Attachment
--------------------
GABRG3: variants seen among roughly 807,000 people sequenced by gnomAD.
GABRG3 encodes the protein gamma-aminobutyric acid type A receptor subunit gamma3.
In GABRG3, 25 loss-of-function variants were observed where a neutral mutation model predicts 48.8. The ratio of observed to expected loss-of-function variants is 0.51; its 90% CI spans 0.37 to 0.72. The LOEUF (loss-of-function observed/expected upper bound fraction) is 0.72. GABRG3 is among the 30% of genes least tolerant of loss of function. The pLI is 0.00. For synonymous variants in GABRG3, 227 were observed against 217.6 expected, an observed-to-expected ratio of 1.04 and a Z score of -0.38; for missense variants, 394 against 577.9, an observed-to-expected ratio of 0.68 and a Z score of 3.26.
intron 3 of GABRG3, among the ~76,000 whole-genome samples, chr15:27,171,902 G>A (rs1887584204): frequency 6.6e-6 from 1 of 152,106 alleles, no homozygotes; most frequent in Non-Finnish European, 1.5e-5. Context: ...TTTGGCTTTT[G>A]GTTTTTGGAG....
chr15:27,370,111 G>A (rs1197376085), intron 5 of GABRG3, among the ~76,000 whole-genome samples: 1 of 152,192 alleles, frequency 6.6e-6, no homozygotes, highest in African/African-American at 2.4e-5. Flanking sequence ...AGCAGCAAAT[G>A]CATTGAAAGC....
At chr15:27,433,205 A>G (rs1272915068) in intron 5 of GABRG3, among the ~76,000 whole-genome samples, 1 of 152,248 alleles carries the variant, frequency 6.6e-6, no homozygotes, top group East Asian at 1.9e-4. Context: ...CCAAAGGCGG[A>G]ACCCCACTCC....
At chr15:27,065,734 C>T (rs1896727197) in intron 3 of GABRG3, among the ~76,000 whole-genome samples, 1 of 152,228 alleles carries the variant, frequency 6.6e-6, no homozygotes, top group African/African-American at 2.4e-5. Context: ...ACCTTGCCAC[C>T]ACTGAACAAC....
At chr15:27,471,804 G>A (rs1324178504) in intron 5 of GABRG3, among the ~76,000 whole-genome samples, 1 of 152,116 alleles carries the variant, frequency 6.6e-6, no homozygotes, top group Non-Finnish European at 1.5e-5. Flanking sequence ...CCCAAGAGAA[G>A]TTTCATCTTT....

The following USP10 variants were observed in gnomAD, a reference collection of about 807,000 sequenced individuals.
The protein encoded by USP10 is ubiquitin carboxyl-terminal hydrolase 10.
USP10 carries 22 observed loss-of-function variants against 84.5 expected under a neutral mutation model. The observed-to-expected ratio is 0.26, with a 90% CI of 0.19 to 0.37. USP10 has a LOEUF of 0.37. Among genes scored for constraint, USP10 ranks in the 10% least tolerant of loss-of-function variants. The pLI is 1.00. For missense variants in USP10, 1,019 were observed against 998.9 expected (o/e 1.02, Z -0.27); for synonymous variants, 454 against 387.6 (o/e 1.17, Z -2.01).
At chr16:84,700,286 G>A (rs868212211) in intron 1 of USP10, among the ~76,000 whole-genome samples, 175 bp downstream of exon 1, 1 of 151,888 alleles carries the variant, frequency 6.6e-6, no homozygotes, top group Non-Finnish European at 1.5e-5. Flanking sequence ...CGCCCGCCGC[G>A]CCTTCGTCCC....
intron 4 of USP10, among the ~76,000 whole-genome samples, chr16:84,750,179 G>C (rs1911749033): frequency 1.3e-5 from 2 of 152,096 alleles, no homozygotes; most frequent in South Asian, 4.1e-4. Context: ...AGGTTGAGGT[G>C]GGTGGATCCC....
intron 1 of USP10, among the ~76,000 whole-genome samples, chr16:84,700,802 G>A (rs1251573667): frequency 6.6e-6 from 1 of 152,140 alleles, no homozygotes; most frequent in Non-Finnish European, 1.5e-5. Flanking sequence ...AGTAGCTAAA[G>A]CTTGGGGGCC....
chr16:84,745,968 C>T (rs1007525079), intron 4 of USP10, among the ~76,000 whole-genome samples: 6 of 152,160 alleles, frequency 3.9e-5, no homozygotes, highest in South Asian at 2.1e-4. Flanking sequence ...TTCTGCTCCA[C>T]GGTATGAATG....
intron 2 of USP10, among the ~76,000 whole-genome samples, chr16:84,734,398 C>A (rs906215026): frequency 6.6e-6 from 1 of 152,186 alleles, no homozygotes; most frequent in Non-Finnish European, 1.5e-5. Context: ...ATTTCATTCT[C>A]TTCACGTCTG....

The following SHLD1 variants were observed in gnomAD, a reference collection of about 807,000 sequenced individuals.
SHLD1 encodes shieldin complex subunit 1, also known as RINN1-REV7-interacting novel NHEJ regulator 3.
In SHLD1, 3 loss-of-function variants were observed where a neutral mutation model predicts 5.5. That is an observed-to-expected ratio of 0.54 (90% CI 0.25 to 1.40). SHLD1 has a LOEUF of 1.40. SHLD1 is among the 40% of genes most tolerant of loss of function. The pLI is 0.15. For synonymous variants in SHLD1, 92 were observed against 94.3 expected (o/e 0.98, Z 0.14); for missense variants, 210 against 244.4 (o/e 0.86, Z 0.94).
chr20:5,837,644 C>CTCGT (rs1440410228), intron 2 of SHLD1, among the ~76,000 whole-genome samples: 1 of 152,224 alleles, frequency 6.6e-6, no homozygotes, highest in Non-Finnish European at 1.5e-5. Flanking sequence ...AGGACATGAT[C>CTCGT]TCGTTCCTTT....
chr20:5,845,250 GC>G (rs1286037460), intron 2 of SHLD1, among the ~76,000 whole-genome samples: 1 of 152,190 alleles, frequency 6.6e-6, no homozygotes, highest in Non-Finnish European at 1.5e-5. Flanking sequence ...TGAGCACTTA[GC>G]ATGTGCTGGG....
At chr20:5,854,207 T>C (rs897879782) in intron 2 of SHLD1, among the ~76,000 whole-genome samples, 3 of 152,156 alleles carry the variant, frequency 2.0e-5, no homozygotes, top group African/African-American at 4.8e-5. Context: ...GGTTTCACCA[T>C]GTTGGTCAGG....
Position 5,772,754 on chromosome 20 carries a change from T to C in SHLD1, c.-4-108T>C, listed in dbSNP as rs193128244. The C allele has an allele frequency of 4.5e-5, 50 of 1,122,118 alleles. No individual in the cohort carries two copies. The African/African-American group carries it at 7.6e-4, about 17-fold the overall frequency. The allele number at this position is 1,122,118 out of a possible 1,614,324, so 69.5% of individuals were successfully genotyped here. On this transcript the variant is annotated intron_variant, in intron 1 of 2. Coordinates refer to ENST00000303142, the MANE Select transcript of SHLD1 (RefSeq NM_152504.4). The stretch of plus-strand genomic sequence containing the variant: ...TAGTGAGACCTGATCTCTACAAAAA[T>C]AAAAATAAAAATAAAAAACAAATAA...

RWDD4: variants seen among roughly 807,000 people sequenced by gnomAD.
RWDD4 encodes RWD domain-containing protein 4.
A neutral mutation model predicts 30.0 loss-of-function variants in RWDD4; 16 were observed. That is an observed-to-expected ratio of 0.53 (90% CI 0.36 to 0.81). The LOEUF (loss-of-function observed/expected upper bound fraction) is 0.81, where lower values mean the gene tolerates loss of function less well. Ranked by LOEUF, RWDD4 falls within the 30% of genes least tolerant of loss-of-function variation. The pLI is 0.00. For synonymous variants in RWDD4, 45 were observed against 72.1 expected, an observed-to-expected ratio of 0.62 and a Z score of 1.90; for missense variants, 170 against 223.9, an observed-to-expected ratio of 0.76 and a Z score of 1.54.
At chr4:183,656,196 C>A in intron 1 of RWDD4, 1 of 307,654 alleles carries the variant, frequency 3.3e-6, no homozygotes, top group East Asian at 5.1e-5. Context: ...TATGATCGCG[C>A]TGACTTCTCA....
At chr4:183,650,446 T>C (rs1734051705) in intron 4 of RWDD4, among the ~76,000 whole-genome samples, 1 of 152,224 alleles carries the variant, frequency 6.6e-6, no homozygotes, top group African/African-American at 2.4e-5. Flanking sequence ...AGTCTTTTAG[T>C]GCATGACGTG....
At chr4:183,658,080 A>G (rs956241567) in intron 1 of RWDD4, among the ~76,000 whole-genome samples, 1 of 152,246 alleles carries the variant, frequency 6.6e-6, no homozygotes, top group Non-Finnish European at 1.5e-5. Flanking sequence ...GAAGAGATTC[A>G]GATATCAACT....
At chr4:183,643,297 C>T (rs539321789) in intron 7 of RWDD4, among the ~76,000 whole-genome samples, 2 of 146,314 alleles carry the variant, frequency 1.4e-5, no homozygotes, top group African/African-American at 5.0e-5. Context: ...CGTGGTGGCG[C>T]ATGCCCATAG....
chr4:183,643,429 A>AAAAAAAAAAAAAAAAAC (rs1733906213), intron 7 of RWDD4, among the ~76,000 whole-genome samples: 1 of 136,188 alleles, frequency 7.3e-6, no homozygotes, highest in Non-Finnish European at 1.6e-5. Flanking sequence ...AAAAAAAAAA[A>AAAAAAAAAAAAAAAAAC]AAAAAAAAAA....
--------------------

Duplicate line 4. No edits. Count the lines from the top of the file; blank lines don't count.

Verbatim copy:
intron 3 of GABRG3, among the ~76,000 whole-genome samples, chr15:27,171,902 G>A (rs1887584204): frequency 6.6e-6 from 1 of 152,106 alleles, no homozygotes; most frequent in Non-Finnish European, 1.5e-5. Context: ...TTTGGCTTTT[G>A]GTTTTTGGAG....